Contracts for sale: Special Prosecutor slaps former PPA boss with 17 charges

The Special Prosecutor has charged the former Chief Executive Officer of the Public Procurement Authority, Adjenim Boateng Adjei, with corruption offences in the ‘Contracts for Sale’ scandal.

He was charged with eight counts of using public office for profit and nine counts of directly and indirectly influencing the procurement process to obtain an unfair advantage in the award of a procurement contract.

Mr. Adjei was charged alongside his brother-in-law, Francis Kwaku Arhin, who is facing a charge of using public office for profit.

They will be arraigned before a high court on May 25, 2022.

These charges are the culmination of investigative work by journalist Manasseh Azure Awuni.

In his investigation, a company known as Talent Discovery Limited (TDL), owned by Mr. Adjei, was getting government contracts through restricted tendering and selling those contracts to others for profit.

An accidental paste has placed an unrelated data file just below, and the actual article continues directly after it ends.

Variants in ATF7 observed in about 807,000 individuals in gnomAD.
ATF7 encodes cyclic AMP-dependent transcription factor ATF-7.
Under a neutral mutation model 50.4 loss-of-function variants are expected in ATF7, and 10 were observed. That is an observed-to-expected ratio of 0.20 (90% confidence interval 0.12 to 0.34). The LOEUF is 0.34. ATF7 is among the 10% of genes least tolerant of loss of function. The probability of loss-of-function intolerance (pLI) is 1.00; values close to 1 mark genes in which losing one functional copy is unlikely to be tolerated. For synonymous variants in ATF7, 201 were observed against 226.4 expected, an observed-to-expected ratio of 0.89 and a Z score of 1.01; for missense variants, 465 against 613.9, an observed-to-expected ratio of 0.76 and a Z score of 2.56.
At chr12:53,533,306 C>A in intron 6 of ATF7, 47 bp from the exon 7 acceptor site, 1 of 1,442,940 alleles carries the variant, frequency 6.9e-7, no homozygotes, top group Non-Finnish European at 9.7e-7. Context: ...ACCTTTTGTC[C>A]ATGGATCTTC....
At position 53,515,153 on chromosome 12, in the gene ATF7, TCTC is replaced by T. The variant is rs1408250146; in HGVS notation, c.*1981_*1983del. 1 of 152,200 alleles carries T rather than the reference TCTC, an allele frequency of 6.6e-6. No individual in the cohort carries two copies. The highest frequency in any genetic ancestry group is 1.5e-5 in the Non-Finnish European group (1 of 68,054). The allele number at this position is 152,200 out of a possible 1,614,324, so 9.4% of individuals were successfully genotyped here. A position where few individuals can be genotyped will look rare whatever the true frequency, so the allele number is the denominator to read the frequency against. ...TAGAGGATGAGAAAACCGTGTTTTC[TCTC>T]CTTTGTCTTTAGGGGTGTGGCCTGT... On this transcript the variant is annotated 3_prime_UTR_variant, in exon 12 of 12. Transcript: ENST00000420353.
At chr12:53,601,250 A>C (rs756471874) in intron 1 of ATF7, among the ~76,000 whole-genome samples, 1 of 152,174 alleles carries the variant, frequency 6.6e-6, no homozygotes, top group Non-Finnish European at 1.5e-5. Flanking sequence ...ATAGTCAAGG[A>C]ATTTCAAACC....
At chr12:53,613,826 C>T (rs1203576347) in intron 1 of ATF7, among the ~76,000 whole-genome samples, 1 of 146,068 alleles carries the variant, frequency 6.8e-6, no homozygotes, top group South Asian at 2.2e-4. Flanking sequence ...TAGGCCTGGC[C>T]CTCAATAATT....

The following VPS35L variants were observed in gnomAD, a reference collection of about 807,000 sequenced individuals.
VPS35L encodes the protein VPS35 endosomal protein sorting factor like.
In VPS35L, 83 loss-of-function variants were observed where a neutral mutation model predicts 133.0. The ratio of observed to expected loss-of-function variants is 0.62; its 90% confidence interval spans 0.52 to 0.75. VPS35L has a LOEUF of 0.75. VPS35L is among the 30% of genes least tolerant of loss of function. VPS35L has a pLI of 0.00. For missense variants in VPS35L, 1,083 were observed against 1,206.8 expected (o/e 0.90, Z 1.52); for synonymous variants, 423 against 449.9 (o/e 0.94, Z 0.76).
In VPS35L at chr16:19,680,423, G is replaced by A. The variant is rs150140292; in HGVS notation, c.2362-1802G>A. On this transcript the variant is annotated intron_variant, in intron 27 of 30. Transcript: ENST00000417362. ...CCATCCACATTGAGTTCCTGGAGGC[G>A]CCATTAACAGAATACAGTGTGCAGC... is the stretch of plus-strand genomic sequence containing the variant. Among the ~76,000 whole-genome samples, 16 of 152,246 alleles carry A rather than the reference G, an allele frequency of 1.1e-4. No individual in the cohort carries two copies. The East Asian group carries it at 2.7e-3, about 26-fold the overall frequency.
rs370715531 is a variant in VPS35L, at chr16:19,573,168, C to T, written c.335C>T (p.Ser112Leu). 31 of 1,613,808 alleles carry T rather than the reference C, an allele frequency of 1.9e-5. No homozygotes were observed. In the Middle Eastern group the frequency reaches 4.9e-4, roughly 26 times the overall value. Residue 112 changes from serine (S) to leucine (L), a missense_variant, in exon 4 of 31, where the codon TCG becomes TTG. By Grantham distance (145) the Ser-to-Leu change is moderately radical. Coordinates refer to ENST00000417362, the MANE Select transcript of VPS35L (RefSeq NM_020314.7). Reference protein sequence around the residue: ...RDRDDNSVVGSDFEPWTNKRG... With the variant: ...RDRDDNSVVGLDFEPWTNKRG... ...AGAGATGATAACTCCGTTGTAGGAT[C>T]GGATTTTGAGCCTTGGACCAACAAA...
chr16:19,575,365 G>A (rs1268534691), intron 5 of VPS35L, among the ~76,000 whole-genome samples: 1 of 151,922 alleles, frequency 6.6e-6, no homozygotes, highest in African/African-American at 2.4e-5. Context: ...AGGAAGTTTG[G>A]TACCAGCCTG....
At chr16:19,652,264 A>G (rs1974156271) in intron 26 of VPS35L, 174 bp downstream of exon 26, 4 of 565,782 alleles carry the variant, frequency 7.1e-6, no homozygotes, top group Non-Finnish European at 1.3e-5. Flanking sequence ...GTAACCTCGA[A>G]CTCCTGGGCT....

The contracts were public works contracts awarded by the Ministry of Works and Housing, Ministry of Education, Ministry of Special Development Initiatives, Ministry of Inner-City & Zongo Development and the Ghana Ports and Harbour Authority.

According to the facts of the case, Mr. Adjei once altered the decision of the PPA Board in favour of Talent Discovery Limited.

The Office of the Special Prosecutor probed the corruption concerns that emerged, while the Commission on Human Rights and Administrative Justice looked into conflict of interest aspects of the case.

After investigating Mr. Adjei, CHRAJ found him guilty of conflict of interest, saying the money accrued in his accounts since assuming office in 2017 stood at GHS 14.8 million from his four Dollar and Euro accounts held at two banks.

According to CHRAJ, Mr. Adjei could not satisfactorily explain the source of the large volumes of excess wealth that passed through his bank accounts between March 2017 and August 2019.

The Special Prosecutor also noted that Mr. Adjei “amassed fantastic funds in his bank accounts within a very short time.”

“The First and Second Accused perversely benefited pecuniarily through the use of public office for profit and influencing the public procurement process to obtain unfair advantage.”

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